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Exeter jab centre to stay

Saturday, January 22nd, 2022 9:03am

By Joe Ives, local democracy reporter

Here for rest of 2022 (courtesy: Royal Devon and Exeter NHS foundation trust)

Greendale wouldn't normally get permission

The Exeter vaccination centre in Woodbury Salterton will remain in place until at least the end of the year, following decisions by the government and East Devon District Council (EDDC).

The vaccine hub at Greendale Business park was built to help with the county’s vaccination effort by the park’s owners, F W S Carter & Sons, which has business ventures around East Devon.

The building was opened last May in place of Exeter’s first mass vaccination centre at Westpoint.

The centre provides first and second does as well as booster jabs. It is thought that if fourth covid jabs are needed, it would be preferable for vaccinations to take place at large hubs such as Greendale to take the pressure off of doctors’ surgeries.  

Woodbury and Lympstone councillor Ben Ingham (Conservative) said there was no way the council would have permitted the building before 2020 “but then a pandemic comes along and you realise that you really don’t know what tomorrow brings and you have to accommodate.”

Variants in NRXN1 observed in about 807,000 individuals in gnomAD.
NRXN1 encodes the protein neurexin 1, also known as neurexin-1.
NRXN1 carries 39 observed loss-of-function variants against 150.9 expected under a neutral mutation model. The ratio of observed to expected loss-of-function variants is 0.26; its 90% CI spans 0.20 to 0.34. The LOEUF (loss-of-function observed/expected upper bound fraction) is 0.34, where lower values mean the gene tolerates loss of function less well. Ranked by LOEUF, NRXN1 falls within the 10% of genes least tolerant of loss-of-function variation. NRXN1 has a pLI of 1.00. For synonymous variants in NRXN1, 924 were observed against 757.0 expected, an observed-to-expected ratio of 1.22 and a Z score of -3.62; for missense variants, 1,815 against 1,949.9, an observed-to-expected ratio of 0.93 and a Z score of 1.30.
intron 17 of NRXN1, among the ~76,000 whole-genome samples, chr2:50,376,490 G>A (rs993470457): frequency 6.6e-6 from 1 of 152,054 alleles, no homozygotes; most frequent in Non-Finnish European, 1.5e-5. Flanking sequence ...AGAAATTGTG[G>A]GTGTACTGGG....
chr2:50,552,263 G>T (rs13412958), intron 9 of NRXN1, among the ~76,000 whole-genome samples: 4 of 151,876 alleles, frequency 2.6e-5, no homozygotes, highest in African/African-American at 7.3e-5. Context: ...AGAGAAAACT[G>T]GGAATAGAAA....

Councillor Geoff Jung (Independent East Devon Alliance, Democratic Alliance Group), who also represents Woodbury and Lympstone said: “It is vital to the covid-19 emergency measures and I thank the staff members of Greendale for delivering this facility so quickly. 

Councillor Eileen Wragg (Liberal Democrats, Exmouth Town, Democratic Alliance Group) said: “It is so important to have these centres. I had Omicron last week – not very pleasant at all.

“I would like to offer thanks on behalf of everyone for all the marvellous work the volunteers have done. It’s been invaluable.”

In 2020 the government passed emergency legislation to commission buildings to help in the fight against the pandemic. As a result, the Greendale vaccination centre did not require planning permission from the council. In early January, the government extended the development right for the building until the end of 2022.

This meant that planning permission from EDDC was, once again, not required. Nevertheless, the proposal went to the council’s planning committee because the applicant had submitted the plans before the government’s announcement. Regardless, EDDC voted unanimously in approval of the centre. 

After 31 December this year, the applicant will need to renew its permissions or knock down the centre within twelve months. 

In the Devon County Council area, which excludes Plymouth and Torbay, 88 per cent of people aged 12 and above have had their first jab, while 83 per cent have had two. Sixty-nine per cent have had their booster shot.

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